Have you been enjoying our new Matthew Watches The Room feature? Interestingly enough, I’ll be visiting friends in DC this weekend and this Saturday night we’re going to a midnight showing of The Room at E Street Cinema. If you live in the area and our The Room feature has made you interested in seeing this movie or going to a midnight showing, you should totally go do that! Find this person and come say hi!
Jamie McGuire continues her streak of overdramatic chapter titles. [Ariel says: Interestingly enough, I think my next chapter title is “No, Thanks.” I guess she couldn’t even carry on with a theme when it comes to chapter titles let alone a whole book.]
Chapter 21: Slow Death
We saw in Beautiful Disaster that, from Abby’s perspective, Travis’s underground mob fight to save her father’s life doesn’t merit more than a sentence after the fact. We have no such luck from Travis’s perspective.
“Hey,” Shepley said, smacking my cheek. “Hey! You have Brock McMann waiting for you. Your head needs to be in this one hundred percent. […]”
I nodded, trying to remember the few times I’d seen Brock fight.
Please do, Travis, because McGuire has never mentioned this character you apparently know so much about. [Ariel says: To be fair, if she had mentioned this guy earlier it would have read as awful foreshadowing or we would have just been like, “Why the fuck is she wasting our time talking about this dude?]
Travis recounts how Brock is an aggressive fighter who’s been banned from the UFC. But don’t worry about Travis! He’s the best fighter in the world because – suspend your disbelief with me once more, with feeling! – he fought with his brothers when they were kids!
I figured he’d probably been training for this fight for weeks if not months.
That was okay. I’d been beat up by my brothers my whole life.
There’s some drama about how Travis goes out and doesn’t see Abby at first, but she shows up. It’s totally necessary. Travis trash talks Brock a little bit:
“I just want to let you know I’m a big fan, even though you’re kind of a prick and a cheat.”
Such a big fan we’ve never heard about it until just now when it came up, like with his admiration of professional gambler Mick Abernathy and professional haberdasher Philbert Bartholomew Cummingsworth II. We haven’t heard about him yet, but I’m sure we’ll hear all about how Travis was always a huge, huge fan the second his character shows up out of nowhere.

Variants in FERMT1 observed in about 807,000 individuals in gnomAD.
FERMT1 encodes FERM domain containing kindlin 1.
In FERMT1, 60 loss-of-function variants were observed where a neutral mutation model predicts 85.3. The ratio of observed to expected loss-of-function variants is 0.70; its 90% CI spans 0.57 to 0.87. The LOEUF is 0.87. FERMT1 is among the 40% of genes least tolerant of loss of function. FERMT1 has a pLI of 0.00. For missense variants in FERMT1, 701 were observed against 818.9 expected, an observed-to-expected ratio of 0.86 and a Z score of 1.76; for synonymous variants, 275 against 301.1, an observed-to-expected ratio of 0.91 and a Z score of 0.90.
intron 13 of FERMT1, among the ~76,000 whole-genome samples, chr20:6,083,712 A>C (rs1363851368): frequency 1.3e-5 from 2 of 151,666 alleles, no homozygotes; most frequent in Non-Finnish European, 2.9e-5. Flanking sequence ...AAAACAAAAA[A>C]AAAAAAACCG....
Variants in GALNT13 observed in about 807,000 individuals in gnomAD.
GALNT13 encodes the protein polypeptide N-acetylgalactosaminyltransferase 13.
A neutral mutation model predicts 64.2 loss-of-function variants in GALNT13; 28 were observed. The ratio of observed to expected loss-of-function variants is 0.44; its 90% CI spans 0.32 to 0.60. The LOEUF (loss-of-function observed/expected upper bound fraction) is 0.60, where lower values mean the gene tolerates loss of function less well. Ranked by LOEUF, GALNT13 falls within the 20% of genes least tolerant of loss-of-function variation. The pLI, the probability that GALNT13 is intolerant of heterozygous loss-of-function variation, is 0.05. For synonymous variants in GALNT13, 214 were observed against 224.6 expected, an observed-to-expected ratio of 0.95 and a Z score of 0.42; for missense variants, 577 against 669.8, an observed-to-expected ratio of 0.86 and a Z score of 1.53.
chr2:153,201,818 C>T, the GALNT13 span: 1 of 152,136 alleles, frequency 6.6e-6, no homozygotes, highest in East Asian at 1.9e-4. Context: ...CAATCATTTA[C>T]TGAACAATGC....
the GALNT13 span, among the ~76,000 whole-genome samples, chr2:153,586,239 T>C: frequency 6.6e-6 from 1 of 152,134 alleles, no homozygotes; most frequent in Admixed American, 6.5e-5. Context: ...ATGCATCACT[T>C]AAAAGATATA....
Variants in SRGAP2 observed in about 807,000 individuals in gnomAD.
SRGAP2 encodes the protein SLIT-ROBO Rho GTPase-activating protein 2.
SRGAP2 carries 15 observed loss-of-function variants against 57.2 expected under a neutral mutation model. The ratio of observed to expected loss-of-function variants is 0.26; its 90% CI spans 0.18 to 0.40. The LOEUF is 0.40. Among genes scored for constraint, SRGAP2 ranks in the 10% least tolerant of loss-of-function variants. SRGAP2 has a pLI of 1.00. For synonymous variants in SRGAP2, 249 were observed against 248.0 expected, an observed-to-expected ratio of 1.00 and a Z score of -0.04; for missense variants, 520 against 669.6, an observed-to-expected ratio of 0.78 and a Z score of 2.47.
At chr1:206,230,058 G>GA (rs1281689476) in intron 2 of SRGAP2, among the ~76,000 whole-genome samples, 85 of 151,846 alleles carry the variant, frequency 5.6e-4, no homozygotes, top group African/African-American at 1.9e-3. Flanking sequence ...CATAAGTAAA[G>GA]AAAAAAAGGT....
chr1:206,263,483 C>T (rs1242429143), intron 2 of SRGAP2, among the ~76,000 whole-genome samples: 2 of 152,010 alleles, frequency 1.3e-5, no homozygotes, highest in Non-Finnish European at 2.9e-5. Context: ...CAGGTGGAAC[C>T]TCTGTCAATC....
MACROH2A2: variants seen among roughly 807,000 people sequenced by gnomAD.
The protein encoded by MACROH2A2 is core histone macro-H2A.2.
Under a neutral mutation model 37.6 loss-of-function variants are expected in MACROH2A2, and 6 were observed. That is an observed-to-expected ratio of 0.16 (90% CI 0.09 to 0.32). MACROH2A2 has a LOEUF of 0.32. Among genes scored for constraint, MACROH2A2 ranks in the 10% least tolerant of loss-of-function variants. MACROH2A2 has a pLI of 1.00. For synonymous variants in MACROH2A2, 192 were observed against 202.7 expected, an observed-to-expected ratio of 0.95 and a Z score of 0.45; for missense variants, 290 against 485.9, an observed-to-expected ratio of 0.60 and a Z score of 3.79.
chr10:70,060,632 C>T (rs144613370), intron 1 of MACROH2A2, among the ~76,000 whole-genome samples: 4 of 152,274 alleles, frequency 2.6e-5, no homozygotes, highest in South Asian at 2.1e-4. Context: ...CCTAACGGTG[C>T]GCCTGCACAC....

Strangely, the fight is almost interesting if you’re on board with our “Travis has an undiagnosed mental disorder” reading:
I felt right at home trading punches with Brock; in that moment, my rage had a purpose and a place. […] I felt no pain, only the sheer pleasure of unleashing every negative emotion that had weighed me down for so long. I remembered how relaxing it felt to beat the hell out of Benny’s men. Win or lose, I looked forward to what kind of person I would be after this fight.
Here’s a fun experiment you can try at home! Show that passage to one of your friends and ask them to guess what genre the book falls under. They might go with “psychological thriller”, and then see the look on their faces when you tell them it’s from a New York Times Bestseller romance novel!
Travis wins the fight. Benny, pleased with Travis’s performance, makes him an offer: keep fighting for him for a year, one fight per month, $150,000 per fight.
“I’m still in college.”
WELL I GUESS THE GIG IS UP
He shrugged. “We’ll schedule around it. I’ll fly you out, and Abby if you wish, first class, on weekends, if that’s what you want.” […]
[Ariel says: I love how accommodating Benny is. Obviously I don’t buy it, but I love that he’s like, “Grades come first, Trav!”] Travis tells Benny he’ll think about it, because now that the issue of his college schedule is settled, he still has to work on that number two priority of seeing how his girlfriend feels about it
Haha, just kidding! Travis is a self-centered dickfuck!
“I wanna do this. I want to fight in Vegas.”
“No,” she said […]
“You’re not listening. I’m gonna do it. You’ll see in a few months that it was the right decision.”
She looked up at me. “You’re going to work for Benny.” […] “Why did you even ask me, Travis? You were going to work for Benny no matter what I said.”
“I want your support on this, but it’s too much money to turn down. I would be crazy to say no.”
I nodded nervously and then smiled. “I just wanna take care of you, Pidge.”
Since when has this ever been an issue in this book? If anything, these college kids all have suspiciously too much money. This character motivation comes out of nowhere. Again. Like always. Characters are never doing anything consistently in this book, because Walking Disaster has the same degree of consistency as Twitch Plays Pokemon.
She paused for a long time, her shoulders fell, and then nodded. “Okay, then. You’ve made your decision.”
IT’S THE SANDWICH ONE
“You’ll see, Pigeon. It’s going to be great. […] I’m starved. You hungry?”
She shook her head. […]
My lips hummed a chipper tune from a random song while I grabbed two slices of bread and some salami and cheese. Man, she’s missing out, I thought, squeezing spicy mustard onto the bread slices.
Remember my “maybe Travis is an undiagnosed autistic” theory from a few chapters back? It’s moments like this where Travis is having such trouble picking up on social cues that I wonder if in a different, more interesting, potentially even more sensitive book, Travis is just on the spectrum instead of self-centered. Not that this book seems to even realize he’s self-centered anyway, so who knows? I’m not an expert (and autism wouldn’t explain why he’s, say, a dickbucket), but it’s worth pointing out that Travis has more in common with autism symptoms than he does with… Abby…